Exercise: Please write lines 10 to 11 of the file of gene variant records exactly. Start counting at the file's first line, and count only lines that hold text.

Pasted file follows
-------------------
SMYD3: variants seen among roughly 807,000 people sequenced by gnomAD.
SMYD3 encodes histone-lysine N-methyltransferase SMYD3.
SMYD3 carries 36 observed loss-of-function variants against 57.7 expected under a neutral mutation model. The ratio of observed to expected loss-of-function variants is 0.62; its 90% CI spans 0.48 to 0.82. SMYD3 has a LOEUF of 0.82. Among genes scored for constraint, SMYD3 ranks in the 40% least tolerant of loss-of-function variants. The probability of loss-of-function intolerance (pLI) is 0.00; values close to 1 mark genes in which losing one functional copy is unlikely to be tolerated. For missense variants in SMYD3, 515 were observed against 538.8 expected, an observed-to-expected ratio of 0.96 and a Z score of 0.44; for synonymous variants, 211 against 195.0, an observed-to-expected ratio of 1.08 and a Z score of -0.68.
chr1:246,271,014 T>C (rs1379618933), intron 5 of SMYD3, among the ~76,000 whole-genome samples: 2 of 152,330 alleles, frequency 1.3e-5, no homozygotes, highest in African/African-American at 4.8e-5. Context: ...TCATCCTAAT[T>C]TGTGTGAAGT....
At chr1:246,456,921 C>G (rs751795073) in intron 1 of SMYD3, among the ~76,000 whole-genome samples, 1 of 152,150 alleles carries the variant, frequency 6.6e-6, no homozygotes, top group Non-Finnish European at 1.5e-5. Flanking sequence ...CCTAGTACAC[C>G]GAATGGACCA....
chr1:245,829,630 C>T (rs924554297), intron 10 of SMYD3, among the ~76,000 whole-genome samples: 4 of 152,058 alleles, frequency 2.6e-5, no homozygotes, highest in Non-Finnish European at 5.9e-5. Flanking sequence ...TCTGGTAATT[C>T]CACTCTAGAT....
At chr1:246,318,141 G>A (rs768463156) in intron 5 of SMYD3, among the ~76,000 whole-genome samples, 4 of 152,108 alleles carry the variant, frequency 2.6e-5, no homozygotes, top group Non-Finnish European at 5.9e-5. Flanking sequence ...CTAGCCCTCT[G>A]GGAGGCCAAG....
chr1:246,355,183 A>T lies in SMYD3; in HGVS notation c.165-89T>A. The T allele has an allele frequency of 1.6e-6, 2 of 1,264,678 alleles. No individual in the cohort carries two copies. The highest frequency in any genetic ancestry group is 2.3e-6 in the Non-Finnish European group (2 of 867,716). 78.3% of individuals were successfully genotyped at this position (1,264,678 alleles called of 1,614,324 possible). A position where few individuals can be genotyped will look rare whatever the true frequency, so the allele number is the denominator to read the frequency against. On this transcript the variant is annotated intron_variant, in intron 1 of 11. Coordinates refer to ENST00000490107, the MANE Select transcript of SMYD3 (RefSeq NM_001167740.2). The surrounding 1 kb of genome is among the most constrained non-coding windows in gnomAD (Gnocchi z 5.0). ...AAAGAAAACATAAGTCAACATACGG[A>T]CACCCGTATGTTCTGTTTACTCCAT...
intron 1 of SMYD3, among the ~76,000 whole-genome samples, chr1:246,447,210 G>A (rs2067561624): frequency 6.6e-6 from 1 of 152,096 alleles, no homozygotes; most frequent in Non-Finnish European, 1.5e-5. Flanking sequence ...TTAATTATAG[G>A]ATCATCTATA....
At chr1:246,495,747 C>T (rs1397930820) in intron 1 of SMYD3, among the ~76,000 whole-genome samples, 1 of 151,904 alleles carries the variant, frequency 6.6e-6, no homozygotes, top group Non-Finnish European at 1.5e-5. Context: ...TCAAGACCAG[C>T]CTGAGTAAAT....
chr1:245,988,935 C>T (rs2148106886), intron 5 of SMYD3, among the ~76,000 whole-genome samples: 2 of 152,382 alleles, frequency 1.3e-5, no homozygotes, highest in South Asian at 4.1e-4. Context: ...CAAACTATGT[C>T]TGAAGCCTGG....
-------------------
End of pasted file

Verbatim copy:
At chr1:246,495,747 C>T (rs1397930820) in intron 1 of SMYD3, among the ~76,000 whole-genome samples, 1 of 151,904 alleles carries the variant, frequency 6.6e-6, no homozygotes, top group Non-Finnish European at 1.5e-5. Context: ...TCAAGACCAG[C>T]CTGAGTAAAT....
chr1:245,988,935 C>T (rs2148106886), intron 5 of SMYD3, among the ~76,000 whole-genome samples: 2 of 152,382 alleles, frequency 1.3e-5, no homozygotes, highest in South Asian at 4.1e-4. Context: ...CAAACTATGT[C>T]TGAAGCCTGG....